We have seen similar situations in ASIO, with staff being dragged away from their core duties to conduct background checks on the never-ending parade of illegal arrivals. Some of you blokes opposite need to remember that you can only cut the pie into a certain number of pieces before it turns into crumbs. The coalition's preference, and indeed our policy, is for a genuine increase in the branch's resources. We believe that it would allow for stronger interpretations of evidence and prosecutions of anti-dumping cases. It would also bring our system into line with those operating in the USA and a number of EU states.

The government speaks about the protection of jobs in manufacturing. I suggest that this bill goes to protecting some of those Australian jobs from anti-dumping. The coalition's anti-dumping policy, released in November last year, is based on increasing the quality of investigations, lowering the cost to participants and providing more scope for penalties to apply to parties who refuse to cooperate with the authorities.

I mentioned earlier the perverse situation we have where the burden of proof rests more heavily on local businesses than on foreign competitors. The coalition's policy would address this by providing the authorities with the opportunity to make use of the preliminary affirmative determinations. For two months into an investigation preliminary affirmative determinations create a shift in the burden of proof, requiring the foreign producer rather than the Australian company that believes it is being damaged by dumping to prove its conduct has not hurt the Australian industry.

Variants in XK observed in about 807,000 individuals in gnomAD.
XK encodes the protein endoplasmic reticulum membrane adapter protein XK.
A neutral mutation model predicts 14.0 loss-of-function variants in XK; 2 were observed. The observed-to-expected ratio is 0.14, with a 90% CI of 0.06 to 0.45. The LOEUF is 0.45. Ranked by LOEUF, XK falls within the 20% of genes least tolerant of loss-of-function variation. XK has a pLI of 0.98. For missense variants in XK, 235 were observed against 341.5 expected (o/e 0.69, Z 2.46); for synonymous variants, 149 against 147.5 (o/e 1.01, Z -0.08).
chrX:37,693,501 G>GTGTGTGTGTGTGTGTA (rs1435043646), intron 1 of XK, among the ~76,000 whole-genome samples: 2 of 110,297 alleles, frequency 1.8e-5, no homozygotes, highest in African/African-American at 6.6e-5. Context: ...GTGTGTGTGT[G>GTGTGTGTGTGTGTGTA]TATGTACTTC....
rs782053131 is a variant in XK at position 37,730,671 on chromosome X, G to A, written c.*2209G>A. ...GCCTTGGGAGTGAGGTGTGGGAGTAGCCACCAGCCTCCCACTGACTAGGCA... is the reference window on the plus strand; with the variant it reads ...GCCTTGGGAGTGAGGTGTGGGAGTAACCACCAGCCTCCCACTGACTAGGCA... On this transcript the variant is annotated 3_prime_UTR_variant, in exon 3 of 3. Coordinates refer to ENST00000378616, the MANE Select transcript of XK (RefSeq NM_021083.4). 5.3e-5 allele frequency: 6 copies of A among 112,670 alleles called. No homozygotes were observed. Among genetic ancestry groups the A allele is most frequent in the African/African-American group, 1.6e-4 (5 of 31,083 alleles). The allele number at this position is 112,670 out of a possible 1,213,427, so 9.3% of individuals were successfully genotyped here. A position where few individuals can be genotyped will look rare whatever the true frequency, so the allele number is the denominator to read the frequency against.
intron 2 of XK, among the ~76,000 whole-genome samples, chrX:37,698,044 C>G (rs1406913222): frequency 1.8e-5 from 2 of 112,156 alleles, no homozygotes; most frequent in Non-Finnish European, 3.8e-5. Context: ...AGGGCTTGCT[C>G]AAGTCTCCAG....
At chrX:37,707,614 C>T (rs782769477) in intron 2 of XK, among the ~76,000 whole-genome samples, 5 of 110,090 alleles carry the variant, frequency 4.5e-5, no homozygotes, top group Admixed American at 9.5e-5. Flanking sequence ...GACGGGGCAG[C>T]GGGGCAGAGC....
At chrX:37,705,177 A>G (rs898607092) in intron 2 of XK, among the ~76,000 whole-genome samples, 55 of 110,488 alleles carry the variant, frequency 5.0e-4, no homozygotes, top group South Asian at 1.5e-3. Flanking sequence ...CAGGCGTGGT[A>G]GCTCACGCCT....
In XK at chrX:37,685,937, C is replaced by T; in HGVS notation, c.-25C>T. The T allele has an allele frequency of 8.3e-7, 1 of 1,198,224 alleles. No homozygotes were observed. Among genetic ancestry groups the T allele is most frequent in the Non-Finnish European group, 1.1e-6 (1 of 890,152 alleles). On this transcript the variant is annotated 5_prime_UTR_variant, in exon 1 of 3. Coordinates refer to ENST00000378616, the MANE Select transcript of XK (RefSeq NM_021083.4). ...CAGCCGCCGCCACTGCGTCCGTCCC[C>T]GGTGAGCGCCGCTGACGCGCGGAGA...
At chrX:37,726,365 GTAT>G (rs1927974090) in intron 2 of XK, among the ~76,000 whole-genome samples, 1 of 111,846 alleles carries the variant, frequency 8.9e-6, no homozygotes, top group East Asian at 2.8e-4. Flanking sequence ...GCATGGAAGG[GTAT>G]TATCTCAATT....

One industry that comes to mind with regard to anti-dumping is the steel industry. A good colleague of mine, who is one of Australia's largest privately owned steel merchants, got caught up with 18 million tonnes of steel being dropped on the docks from a Chinese manufacturer. Thank heavens that the provisions were in place whereby BlueScope was able to put an interim action on that dumping action. It stopped the stock getting to the marketplace and destroying the steel industry overnight. Interims are provisions in the act that provide for product on the dock to be quarantined and an evaluation to be made of the difference between the price it has landed for and the so-called production price. Where an Australian company believes that there is a case for anti-dumping in its sector, that money can be quarantined until a determination can be made by the relevant authorities.

Under the coalition's plan, greater financial resources and specialist anti-dumping investigators would ensure decisions are made in a timely fashion, providing greater certainty to all involved. Not surprisingly, Labor jumped on our proposal and accused us of being in breach of WTO agreements. It should come as no surprise that these allegations were completely false. Not only were the preliminary affirmative decisions consistent with the WTO's provisions, they are consistent with what Labor was actually advocating just a few months before. I imagine that must have been quite embarrassing.

Debate interrupted.